Acceptance and Commitment Therapy (ACT) is a form of therapy that combines elements of cognitive-behavioral therapy (CBT) with experiential and mindfulness-based techniques. ACT is considered an experiential therapy, which means that it focuses on helping individuals to process and make sense of their emotions through direct, in-the-moment experience. This often involves experiential exercises and techniques that help individuals to connect with their emotions and to better understand how these emotions are influencing their thoughts and behaviors.
One of the key differences between ACT and CBT is that ACT emphasizes the importance of mindfulness and acceptance, rather than trying to change or eliminate negative thoughts and feelings. This means that individuals who participate in ACT may be encouraged to observe and acknowledge their thoughts and feelings without judgment, and to take action that is consistent with their values, even in the face of difficult emotions.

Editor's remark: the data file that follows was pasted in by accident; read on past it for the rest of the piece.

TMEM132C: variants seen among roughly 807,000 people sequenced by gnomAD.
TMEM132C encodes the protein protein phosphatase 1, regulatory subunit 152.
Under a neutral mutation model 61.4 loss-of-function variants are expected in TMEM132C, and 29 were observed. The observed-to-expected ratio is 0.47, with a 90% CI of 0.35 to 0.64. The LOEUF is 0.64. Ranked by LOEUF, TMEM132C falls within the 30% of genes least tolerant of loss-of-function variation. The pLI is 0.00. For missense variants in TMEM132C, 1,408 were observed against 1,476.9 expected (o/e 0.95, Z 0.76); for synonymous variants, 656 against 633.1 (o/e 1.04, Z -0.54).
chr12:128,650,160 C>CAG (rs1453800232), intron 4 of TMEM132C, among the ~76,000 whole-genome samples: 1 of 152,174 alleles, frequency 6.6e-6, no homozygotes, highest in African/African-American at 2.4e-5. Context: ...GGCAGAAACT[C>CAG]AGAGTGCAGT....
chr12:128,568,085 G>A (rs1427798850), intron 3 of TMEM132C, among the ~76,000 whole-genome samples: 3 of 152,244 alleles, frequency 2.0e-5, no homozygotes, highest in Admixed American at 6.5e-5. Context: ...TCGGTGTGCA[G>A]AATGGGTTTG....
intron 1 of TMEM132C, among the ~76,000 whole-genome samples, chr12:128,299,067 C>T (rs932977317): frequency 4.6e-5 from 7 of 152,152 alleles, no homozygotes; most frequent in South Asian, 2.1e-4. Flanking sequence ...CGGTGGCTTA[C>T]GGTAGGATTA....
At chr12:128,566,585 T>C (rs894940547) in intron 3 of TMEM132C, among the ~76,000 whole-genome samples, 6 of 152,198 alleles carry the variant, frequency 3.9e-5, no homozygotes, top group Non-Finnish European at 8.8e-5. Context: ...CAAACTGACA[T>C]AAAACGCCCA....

Overall, ACT has been shown to be a highly effective form of therapy for a wide range of psychological difficulties, including anxiety, depression, and chronic pain. Some of the key benefits of ACT include improved emotional regulation, increased psychological flexibility, and greater ability to engage in values-based behavior.
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